But offering the first number can also help you win. If you do your research and set the price of your car at the high end of market value, even if your car is worth less, you can anchor the higher value in the mind of your potential buyers. Often, a buyer will make offers toward the higher end of their acceptable range. Even as you lower the price in negotiations, because your buyer started high, you avoid losing money on the deal. The same dynamic works for buyers, too. Offer at the low end and you avoid overpaying because the low number anchors a value in the seller’s mind.

Anchor, Shift, Repeat

Activists employ the same cycle to shift the Overton Window. First, they stake out a very radical position and seek to normalize it. This sets the frame of the debate: everything short of their position begins to look mainstream. Politicians are free to enact new policies, even previously fringe policies, because the activists’ radical position is the new anchor for “unacceptable.” Less radical activists, with less radical positions, can point to the “crazies” and show how much more reasonable their position is by comparison. As the activists’ radical position becomes normalized, they are free to stake out a new, even more radical position, and repeat this anchor/shift cycle.

Public sentiment on abortion has evolved through exactly this cycle. In the 90s, the catch-phrase was “safe, legal, and rare.” Now, the mantra is “shout your abortion.” How did this happen? “Abortion should be safe and legal” was once a radical position: abortion, rather than a monstrous crime against natural law, was to be given legal protections and made “safe” for the woman who sought her child’s death. But Clinton added “rare” and took the edge off. Clinton pulled the Overton Window toward the Left on abortion. Then, pro-abortion radicals were free to take even more radical positions, like “after-birth abortion.” Compared to “after-birth abortion,” “shout your abortion” seems almost sane. Compared to “shout your abortion,” “a woman’s right” seems common sense. And almost no one denies “safe, legal, and rare” anymore. At least rare was on the table.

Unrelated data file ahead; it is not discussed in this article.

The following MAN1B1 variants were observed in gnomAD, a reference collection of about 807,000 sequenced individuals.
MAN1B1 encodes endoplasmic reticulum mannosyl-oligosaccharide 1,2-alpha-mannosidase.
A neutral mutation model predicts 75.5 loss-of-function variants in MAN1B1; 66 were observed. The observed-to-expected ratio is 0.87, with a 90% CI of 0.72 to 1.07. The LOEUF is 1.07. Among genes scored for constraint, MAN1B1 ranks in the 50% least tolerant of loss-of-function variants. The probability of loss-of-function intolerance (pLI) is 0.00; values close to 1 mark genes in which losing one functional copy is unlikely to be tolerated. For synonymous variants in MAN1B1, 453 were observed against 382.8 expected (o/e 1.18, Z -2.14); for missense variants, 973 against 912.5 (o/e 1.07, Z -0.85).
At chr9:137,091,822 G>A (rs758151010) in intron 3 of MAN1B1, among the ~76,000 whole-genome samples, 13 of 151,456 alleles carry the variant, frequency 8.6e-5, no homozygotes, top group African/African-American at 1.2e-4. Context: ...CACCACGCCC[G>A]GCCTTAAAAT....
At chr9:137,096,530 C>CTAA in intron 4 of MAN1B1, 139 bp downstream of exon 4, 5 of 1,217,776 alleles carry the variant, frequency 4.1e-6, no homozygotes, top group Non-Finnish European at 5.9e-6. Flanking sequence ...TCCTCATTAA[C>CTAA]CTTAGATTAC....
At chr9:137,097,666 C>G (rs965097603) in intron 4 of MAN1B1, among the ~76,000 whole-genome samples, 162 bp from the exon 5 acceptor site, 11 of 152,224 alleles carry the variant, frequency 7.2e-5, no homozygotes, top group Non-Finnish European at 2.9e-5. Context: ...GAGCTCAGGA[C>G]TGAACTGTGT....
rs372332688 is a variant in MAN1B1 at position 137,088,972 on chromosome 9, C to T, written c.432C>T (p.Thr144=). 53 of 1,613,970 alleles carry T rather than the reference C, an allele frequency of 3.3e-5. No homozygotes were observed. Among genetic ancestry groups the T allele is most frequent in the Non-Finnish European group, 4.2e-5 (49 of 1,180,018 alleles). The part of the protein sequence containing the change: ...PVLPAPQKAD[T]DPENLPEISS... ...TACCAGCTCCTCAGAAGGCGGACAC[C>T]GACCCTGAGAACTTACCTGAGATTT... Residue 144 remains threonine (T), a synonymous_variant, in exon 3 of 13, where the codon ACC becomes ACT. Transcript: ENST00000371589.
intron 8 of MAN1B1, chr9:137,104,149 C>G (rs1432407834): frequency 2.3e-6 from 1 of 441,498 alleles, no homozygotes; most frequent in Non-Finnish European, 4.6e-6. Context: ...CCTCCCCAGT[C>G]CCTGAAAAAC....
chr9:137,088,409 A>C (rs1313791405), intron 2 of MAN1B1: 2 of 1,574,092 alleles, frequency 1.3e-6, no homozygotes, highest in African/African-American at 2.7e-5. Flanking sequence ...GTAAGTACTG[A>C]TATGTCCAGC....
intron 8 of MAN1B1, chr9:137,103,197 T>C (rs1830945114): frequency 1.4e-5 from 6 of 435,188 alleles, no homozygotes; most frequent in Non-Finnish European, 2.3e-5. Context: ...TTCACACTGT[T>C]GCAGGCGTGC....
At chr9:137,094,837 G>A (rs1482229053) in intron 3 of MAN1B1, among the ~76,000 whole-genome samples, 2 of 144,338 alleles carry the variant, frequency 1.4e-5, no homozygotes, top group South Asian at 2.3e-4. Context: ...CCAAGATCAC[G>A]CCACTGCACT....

A Tool For Good

As anti-abortion activists, we can use the Overton Window in two ways. First, if we recognize and understand the anchor/shift cycle, we can break the cycle when our enemies use it. Second, we can use the same anchor/shift cycle to radicalize our own.

Break the Cycle

First, remember: the anchor/shift cycle works by normalizing the positions that are less than radical. To diminish the cycle’s power, we can “radicalize” less-than-radical positions. In other words, we can demonstrate that there is no difference between the radical position and the mainstream position. This introduces cognitive dissonance in our less radical enemies and in onlookers. Radicalizing the mainstream positions also means our opponents have to take even more radical positions to normalize abortion.